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The Effect of Fatty Acid Methyl Esters on the Curing Performance and Final Properties of Thermally Cured Solvent-Borne Coil Coatings
KTH, School of Chemical Science and Engineering (CHE), Fibre and Polymer Technology.
KTH, School of Chemical Science and Engineering (CHE), Fibre and Polymer Technology.ORCID iD: 0000-0003-3201-5138
2007 (English)In: Progress in organic coatings, ISSN 0300-9440, E-ISSN 1873-331X, Vol. 59, no 2, 146-151 p.Article in journal (Refereed) Published
Abstract [en]

The solvent content of a thermally cured coil-coating paint may be reduced by introducing a reactive diluent derived from a vegetable oil and thereby producing a coating partly based on a renewable resource. A reactive diluent acts as a solvent in the liquid paint, lowering the viscosity, and is then incorporated into the film during cure. In the present study, rape seed methyl ester (RME) has been evaluated as reactive diluent in a thermally cured hydroxyl-functional polyester/melamine system. RME has suitable diluting properties and functionality to be incorporated into the dry coating. Dynamic mechanical analysis of free standing films shows that the final film properties are affected by presence of reactive diluent, oven temperature, choice of co-solvent, and flash-off period.

Place, publisher, year, edition, pages
2007. Vol. 59, no 2, 146-151 p.
Keyword [en]
Fatty acids, Reactive diluents, Coatings, Thermal curing, Film properties
National Category
Polymer Chemistry
Identifiers
URN: urn:nbn:se:kth:diva-4854DOI: 10.1016/j.porgcoat.2007.02.004ISI: 000246935500008Scopus ID: 2-s2.0-34247593705OAI: oai:DiVA.org:kth-4854DiVA: diva2:89
Note
QC 20100816Available from: 2008-09-04 Created: 2008-09-04 Last updated: 2017-12-01Bibliographically approved
In thesis
1. Thermally cured coil-coatings utilizing novel resins and fatty acid methyl esters as reactive diluents
Open this publication in new window or tab >>Thermally cured coil-coatings utilizing novel resins and fatty acid methyl esters as reactive diluents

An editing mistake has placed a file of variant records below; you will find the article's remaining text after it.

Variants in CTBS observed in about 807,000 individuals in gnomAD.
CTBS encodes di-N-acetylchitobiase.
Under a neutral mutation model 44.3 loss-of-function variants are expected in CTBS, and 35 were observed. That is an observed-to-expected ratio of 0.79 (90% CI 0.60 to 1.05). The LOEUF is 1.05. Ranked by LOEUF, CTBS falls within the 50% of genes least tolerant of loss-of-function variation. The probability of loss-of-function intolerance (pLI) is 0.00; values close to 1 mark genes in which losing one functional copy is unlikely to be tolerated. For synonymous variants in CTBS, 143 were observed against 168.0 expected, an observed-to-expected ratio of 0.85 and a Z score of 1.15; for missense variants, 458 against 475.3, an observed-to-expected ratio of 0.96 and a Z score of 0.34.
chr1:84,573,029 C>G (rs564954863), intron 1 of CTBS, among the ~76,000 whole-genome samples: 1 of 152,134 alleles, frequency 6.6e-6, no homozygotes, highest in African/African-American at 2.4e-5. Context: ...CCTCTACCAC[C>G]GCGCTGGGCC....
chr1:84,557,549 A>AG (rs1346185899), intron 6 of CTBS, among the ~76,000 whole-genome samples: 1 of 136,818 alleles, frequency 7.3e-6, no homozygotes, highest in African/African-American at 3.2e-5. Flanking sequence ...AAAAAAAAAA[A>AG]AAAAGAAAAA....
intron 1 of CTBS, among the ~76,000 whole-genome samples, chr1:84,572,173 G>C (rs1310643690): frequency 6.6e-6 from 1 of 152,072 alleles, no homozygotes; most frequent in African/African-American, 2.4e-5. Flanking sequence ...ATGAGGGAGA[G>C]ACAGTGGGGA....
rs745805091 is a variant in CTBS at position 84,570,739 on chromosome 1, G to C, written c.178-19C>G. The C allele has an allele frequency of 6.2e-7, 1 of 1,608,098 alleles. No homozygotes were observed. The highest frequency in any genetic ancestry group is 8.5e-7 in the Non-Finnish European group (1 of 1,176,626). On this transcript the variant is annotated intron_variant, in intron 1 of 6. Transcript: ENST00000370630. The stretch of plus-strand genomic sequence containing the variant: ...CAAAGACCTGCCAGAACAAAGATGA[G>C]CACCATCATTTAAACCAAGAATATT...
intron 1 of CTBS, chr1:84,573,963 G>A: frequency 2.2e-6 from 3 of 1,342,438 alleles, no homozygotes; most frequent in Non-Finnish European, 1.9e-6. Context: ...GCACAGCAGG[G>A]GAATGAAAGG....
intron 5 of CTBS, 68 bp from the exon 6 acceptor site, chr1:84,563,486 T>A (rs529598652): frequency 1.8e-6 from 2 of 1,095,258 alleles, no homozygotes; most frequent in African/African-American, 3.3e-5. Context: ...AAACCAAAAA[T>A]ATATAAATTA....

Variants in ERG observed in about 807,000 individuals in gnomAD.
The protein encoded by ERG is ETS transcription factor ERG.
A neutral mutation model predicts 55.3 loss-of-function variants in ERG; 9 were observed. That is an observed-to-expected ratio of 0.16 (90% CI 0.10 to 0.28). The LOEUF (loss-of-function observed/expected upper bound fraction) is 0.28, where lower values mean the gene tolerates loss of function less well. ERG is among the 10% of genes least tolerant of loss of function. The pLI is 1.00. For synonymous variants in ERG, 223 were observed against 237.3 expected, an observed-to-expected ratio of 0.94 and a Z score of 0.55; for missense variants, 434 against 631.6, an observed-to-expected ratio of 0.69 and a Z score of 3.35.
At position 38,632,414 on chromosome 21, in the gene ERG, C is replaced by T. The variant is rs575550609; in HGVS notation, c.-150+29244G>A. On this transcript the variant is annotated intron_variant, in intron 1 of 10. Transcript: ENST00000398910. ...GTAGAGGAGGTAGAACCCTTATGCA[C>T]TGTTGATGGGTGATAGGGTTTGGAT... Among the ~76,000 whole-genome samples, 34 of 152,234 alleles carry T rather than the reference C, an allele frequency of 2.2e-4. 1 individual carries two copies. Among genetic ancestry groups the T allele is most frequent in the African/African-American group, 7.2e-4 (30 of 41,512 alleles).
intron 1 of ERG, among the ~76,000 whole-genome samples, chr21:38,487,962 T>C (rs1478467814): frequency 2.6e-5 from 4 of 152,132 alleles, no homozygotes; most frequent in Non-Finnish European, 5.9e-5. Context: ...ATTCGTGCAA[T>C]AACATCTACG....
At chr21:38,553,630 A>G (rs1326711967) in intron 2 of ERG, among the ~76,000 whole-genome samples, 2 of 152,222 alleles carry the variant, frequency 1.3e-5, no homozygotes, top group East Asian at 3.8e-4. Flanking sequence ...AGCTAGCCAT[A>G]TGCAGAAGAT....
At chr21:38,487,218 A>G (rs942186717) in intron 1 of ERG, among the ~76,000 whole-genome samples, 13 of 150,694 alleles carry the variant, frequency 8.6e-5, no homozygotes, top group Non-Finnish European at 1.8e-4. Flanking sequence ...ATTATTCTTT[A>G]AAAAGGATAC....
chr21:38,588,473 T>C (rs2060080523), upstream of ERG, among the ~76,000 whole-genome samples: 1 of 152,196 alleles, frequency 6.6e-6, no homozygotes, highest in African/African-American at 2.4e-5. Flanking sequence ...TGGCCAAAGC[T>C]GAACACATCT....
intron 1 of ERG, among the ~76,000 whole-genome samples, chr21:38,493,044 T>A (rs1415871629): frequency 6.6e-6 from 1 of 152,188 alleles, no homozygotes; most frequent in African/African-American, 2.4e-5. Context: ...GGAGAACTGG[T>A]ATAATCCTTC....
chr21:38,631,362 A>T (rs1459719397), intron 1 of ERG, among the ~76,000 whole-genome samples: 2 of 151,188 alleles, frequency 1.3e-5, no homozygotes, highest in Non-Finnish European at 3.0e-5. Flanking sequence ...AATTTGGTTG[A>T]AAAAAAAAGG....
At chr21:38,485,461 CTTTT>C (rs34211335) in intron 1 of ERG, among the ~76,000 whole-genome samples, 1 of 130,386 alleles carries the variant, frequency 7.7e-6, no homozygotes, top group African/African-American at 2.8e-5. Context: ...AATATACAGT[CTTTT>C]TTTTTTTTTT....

2008 (English)Doctoral thesis, comprehensive summary (Other scientific)
Abstract [en]

Solvent-borne thermally cured coil-coating resins contain large amounts of volatile organic solvents in order to obtain suitable flow for film application. This work describes how the expensive and environmental hazardous volatile organic solvent content of a solvent-borne thermally cured polyester/melamine coil-coating system can be reduced by introduction of fatty acid methyl esters (FAMEs) as reactive diluents and modification of the polyester binder resin. The evaluated reactive diluents, two rape seed methyl esters (RMEs), two linseed oil methyl esters (LMEs), and a tall oil methyl ester (TOME) have been evaluated both in a fully formulated clear-coat system and via model studies.

Viscosity measurements of wet paint mixtures showed that formulations with hyperbranched polyester binder hold lower viscosity than conventional polyester binder resins and that FAME works as a diluent. Fully formulated clear-coats were cured under simulated industrial coil-coating cure conditions and in a convection oven at lower temperatures respectively. FAME increases the mobility of the system enhancing the film formation process. Free-standing clear-coat films were analyzed with Raman, carbon-14 dating, extraction, dynamic mechanical analysis, and visual observation. Incorporation of FAME could not be confirmed by Raman analysis. However, carbon-14 dating indicated the presence of FAME that could not be extracted from the films. The mechanical properties of the films were also affected by the addition of FAMEs, oven temperature, choice of co-solvent, and flash-off period. Conventional film characterization tests on substrate supported coatings indicated that binder resin structure and cure conditions affect the final film properties.

Model studies were performed to clarify how FAME can chemically react through transesterification with the hydroxyl-groups of the polyester. The transesterification reaction between different FAMEs and primary alcohols with and without tertiary hydrogen was monitored with 1H-NMR and real time IR. Evaporation and side reactions, e.g. alkene reactions, are competing factors to the transesterification reaction. The study showed that fatty acid structure, reaction time, and temperature affect the transesterification conversion, degree of side reactions, and choice of catalyst.